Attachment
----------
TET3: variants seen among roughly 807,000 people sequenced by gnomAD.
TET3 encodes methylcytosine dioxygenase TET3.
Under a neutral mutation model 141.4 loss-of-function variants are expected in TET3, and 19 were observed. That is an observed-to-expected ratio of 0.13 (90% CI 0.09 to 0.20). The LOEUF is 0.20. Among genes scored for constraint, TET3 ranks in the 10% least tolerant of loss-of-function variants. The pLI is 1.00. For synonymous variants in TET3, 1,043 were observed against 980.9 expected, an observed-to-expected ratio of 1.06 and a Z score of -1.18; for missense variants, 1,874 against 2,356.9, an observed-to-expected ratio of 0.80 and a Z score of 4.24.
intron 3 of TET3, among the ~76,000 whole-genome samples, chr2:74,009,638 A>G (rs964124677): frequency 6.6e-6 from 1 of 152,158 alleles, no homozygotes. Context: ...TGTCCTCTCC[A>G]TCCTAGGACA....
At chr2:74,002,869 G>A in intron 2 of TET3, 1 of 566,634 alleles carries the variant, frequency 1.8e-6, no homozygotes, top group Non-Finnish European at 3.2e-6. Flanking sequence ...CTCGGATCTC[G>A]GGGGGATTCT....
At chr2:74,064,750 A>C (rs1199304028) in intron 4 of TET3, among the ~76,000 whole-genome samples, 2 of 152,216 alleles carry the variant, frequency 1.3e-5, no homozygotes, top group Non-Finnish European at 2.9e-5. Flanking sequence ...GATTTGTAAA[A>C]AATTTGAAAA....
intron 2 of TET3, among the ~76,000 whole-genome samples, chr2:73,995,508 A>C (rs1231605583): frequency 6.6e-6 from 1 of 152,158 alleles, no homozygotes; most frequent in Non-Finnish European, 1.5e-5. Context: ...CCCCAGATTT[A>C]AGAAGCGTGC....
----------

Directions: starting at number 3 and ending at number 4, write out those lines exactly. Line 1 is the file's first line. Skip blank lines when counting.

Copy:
Under a neutral mutation model 141.4 loss-of-function variants are expected in TET3, and 19 were observed. That is an observed-to-expected ratio of 0.13 (90% CI 0.09 to 0.20). The LOEUF is 0.20. Among genes scored for constraint, TET3 ranks in the 10% least tolerant of loss-of-function variants. The pLI is 1.00. For synonymous variants in TET3, 1,043 were observed against 980.9 expected, an observed-to-expected ratio of 1.06 and a Z score of -1.18; for missense variants, 1,874 against 2,356.9, an observed-to-expected ratio of 0.80 and a Z score of 4.24.
intron 3 of TET3, among the ~76,000 whole-genome samples, chr2:74,009,638 A>G (rs964124677): frequency 6.6e-6 from 1 of 152,158 alleles, no homozygotes. Context: ...TGTCCTCTCC[A>G]TCCTAGGACA....